I took this picture looking out towards the west from the doorstep of Auntie Violet. Can't complain much about a day that ends with so much beauty!

Tuesday, January 28, 2014

I'm Done!

Well, I'm done with our personal stuff anyway (I've still got the ranch stuff to do, but that's for another day.). It felt good to print out a "Tax Related Items - 2013" Report for our accountant. As usual when I reviewed what we had done with our dollars this year, I wondered if we were doing as well as we could. We have always been glad to donate dollars to those who are less fortunate (now, that's a cliche!), but is it enough? We've always figured a 10% tithe is a starting point, a floor, not a ceiling.

I have noticed that the older I get, the more cynical I am. I am not very quick to donate to unknown causes or those who spend huge amounts of donated dollars on salaries or TV campaigns. I tend to look at percentages of donated income that actually goes to the people or causes the agency purports to help. I have a great deal of difficulty looking at financial statements that show six plus figure salaries. I've also noticed that we tend to donate to causes where we know and trust the people involved. I just hope this kind of scrutiny doesn't translate into stinginess...

Perhaps I've spent too much time dealing with figures lately. In addition to the bookwork I've been doing, I had a conference call this afternoon with the Audit Committee for the Executive Board of Mennonite Church USA. We were reviewing the official audit of last year's financials. It was an interesting phone call. We had people calling in from Kansas, Texas, Pennsylvania as well as Indiana. Everyone just had to make a comment about how cold it was where they were. I almost felt guilty saying it was 73 degrees here!

It is only the end of January, but I am beginning to notice more plants that budding or starting to bloom around here. And, my new baseball scorebook arrived in the mail today. (I enjoy keeping score at the games -- it helps me to stay focused and I like to be able to look back at previous innings to see what a player had done the last times they were at bat.) The schedule for the Spring Training Cactus League here in Arizona is out. I've been trying to plan our attendance at games so that we manage to get to all of the ballparks in the area. We're planning to follow the Mariners from park to park.

I am definitely starting to think SPRING!

Monday, January 27, 2014

Sticking to the Grindstone...

I've been plugging away at getting last year's bookwork done. I've made it through September which means I've only got three months to go. Then the ranch books are waiting their turn...

I almost feel guilty about working with all of the windows and doors open and the fans on when I listen to the news about weather in the rest of the country. I literally shiver when I watch the horrible scenes of blizzards and accidents. I'm just very glad we are not there.

We stayed up late last night watching the Grammy Award show. Forry commented that it was probably good for us to watch something like that every once and a while just so we would know what was what on the music scene. I do know that the only music I really recognized was that which was country. I've enjoyed the shows on TV today talking about last night, especially the discussions about the fashions. Even though we were watching it live, we missed a lot of the details.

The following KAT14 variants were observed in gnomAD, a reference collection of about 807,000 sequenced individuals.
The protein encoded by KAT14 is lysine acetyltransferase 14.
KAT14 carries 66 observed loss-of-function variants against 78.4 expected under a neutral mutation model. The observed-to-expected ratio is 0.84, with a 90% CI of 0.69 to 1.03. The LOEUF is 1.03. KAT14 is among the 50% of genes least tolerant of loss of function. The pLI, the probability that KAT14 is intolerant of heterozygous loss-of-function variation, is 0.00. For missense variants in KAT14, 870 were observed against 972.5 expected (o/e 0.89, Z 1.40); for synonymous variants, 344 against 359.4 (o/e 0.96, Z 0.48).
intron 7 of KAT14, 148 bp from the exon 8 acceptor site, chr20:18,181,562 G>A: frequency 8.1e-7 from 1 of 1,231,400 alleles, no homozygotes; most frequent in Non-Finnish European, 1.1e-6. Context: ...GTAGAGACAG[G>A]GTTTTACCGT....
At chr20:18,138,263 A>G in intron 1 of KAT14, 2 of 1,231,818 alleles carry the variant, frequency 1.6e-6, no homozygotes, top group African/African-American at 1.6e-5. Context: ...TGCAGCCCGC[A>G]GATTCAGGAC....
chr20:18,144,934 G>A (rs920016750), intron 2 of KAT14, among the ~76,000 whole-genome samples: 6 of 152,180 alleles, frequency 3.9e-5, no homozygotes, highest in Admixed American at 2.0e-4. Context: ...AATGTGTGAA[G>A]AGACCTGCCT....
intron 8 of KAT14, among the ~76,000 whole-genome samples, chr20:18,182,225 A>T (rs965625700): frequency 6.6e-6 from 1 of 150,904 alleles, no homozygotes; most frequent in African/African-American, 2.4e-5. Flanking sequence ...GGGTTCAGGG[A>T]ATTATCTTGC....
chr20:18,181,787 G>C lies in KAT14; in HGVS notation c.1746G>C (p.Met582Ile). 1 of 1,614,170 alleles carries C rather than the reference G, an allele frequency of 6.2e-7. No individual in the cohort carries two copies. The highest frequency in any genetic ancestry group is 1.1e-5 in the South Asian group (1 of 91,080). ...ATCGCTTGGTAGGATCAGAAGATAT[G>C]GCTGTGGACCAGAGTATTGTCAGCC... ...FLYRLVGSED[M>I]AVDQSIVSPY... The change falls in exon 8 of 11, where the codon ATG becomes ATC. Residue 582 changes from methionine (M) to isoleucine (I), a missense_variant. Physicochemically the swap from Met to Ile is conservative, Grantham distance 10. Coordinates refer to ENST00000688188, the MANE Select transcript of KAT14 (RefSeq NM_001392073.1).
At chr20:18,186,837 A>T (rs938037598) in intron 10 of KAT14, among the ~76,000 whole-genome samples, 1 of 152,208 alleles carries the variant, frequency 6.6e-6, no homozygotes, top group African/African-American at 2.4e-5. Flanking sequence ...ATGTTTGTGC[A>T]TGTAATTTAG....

I read something in Froggy Donna's blog today that I really like. She said that she and Stu get up in the morning "when they wake up." That is so true. We may be up by eight or we may be up after nine or even close to ten. After years of subjection to tyranny of the alarm clock, it is nice to know that there is no reason for us to get up early. I do enjoy getting up an hour or so before Forry, just to have some quiet time before the TV comes on.

We don't have much planned for the rest of the week. I'm just hoping that I can stick to what I've been doing and get the rest of the bookwork done!

Sunday, January 26, 2014

Ode to Deacon

I grew up with dogs on the farm and after we were married, Forry and I had a succession of terriers that grew up with our kids. But I've never had a lap dog or one that was really a house pet. Our dogs were farm dogs and mostly they lived outside. They were just part of the farm landscape.

Then we went to Alaska for a National Rural Health Association convention in Anchorage. We made plans to spend a couple of weeks after the convention traveling with our friends, Gail and Danny as well as a third friend who had lived and worked in Alaska as a pediatric physician with the military. Danny was our tour guide planning most of our stops and stays. One of the places we visited was with a man who raced a dog team in the Iditarod. It was late May and the snow was gone, but we visited his facility. His dogs were housed outside, chained to little dog houses, spaced far enough apart so that they could not fight with each other. Gail felt sorry for them and I swear, she managed to pet and hug every one of them. It made us all a bit nervous and even the owner suggested she might want to be a bit more careful approaching strange dogs.